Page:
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  61. I love this posting. One thing that I would like to know is how to go about writing a synopsis for writing a series or a story that wont end for a while. Are there any advise or websites/articles that would help me with this?

    • It’s really the same process; you have to write a beginning-to-end summary (synopsis) for each book in the series. Sometimes, if you’re pitching an entire series (rare), you would write a synopsis for each book that’s even shorter than 1 page, so people can see the entire arc of the series. But it sounds like that’s not exactly your problem—maybe rather you don’t know what happens after the first book? I’d just focus on selling the first book in the series, which should be finished before you pitch it.

  62. Thanks for the advise Jane, but I have a question. Do I have to copyright my manuscript before submitting it to a literary agent? I’m a first time author and I would want to make sure that my idea is safe with the people I work with. Second, how long does it take for an editor to respond?

    • Hi Jackelin – No, you do not have to copyright your work before submitting it to an agent or a publisher. (It is actually protected under copyright law without you registering it.) Check an agent’s or publisher’s submission guidelines for a stated response time. Response time varies from weeks to months.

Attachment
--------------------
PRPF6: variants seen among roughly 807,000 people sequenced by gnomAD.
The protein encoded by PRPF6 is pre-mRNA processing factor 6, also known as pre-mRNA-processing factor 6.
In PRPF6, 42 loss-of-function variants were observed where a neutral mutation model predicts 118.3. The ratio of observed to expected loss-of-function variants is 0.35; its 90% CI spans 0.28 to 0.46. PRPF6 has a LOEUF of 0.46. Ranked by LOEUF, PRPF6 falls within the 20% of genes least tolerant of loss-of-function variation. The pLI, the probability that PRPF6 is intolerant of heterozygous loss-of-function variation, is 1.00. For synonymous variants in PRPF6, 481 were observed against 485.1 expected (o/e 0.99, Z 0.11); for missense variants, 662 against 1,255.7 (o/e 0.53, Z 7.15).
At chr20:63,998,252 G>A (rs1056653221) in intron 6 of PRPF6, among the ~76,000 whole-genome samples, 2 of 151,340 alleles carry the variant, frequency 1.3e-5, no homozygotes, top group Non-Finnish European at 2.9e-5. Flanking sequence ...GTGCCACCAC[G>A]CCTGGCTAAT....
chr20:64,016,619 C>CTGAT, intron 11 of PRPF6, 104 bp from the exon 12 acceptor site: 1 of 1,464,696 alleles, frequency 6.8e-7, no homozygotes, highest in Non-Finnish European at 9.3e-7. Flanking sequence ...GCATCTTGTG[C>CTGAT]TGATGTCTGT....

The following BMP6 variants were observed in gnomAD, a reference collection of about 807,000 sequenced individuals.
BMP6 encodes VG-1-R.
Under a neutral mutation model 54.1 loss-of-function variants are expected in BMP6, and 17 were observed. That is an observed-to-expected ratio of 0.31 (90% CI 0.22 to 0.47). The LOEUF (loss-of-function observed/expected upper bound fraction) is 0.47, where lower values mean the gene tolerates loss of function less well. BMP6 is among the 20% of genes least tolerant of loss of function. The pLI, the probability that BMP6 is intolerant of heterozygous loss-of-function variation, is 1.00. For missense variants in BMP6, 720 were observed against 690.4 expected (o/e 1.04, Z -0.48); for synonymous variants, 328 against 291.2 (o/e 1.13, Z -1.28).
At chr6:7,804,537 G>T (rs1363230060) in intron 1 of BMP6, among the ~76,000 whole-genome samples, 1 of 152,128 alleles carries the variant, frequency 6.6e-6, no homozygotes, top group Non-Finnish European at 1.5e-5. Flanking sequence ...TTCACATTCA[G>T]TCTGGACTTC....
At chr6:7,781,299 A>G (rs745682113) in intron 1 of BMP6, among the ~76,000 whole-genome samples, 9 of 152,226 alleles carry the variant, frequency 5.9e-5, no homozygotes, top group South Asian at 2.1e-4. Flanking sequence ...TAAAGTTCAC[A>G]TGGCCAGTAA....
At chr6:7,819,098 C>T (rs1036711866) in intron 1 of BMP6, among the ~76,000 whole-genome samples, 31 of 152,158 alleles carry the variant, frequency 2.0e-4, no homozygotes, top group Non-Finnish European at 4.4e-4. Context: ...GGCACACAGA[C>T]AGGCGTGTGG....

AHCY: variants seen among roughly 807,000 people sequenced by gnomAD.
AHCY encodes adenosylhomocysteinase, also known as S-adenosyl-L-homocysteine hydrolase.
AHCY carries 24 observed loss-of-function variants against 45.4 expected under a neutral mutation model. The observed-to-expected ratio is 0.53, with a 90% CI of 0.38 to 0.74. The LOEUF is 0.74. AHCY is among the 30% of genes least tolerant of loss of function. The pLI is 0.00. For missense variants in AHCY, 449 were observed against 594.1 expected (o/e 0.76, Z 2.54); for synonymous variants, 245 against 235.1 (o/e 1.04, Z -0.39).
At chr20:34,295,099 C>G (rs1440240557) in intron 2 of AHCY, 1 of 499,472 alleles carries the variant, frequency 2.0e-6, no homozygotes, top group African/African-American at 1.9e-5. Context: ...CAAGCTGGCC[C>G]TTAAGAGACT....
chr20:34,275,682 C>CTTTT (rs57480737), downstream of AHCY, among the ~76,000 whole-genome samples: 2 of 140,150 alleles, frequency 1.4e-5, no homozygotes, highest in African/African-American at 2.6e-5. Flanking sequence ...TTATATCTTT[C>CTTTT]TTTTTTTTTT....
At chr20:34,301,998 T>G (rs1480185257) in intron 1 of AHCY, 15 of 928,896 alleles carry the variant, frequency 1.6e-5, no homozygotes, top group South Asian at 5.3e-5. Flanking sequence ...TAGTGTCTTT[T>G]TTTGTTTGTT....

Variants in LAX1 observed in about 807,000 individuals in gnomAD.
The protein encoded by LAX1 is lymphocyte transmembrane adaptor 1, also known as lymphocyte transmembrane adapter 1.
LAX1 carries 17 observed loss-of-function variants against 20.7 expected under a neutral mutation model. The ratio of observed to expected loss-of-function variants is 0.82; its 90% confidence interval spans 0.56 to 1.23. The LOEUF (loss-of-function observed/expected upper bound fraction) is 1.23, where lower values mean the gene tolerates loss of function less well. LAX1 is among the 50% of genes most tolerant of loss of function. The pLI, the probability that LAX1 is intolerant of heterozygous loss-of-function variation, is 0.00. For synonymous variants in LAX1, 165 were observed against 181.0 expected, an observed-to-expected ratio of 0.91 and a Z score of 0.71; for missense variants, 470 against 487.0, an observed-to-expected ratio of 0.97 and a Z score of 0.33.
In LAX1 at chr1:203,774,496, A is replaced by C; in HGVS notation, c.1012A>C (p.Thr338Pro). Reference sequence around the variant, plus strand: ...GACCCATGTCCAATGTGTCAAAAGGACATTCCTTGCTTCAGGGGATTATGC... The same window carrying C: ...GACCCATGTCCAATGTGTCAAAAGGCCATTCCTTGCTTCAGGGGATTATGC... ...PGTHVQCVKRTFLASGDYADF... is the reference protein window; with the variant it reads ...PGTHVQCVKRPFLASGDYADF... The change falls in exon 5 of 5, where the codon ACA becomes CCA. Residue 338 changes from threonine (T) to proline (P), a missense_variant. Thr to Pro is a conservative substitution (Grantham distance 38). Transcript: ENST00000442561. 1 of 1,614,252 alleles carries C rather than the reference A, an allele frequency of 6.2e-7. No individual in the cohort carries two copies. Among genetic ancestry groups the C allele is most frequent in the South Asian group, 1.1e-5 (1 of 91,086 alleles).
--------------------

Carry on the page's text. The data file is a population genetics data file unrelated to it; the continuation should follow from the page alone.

• Thanks Jane, that was fast. :) Thank you very much. I hope that I can assist to the San Francisco Conference next year and see if I can meet up with a good editor or literary agent to help me out with my book.

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  73. Jane, great article. I’d love to see examples. Agents are asking for anything from 1-2, or even 5+ page synopses. Seeing concrete examples based on existing works would be helpful.

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  77. This was a wonderful read. Thank you so much! I finished up my first novel and am now half way through novel two (this has been a long process) but that synopsis; I just don’t know. I’m going to give it another go now that I have read your post. It was super clear cut and well explained! Thank you!

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  81. Jane, thanks for this wonderful post. There are so many contradictory versions of a proper synopsis in books and the internet I never knew what to do. Now I will go back and tighten mine.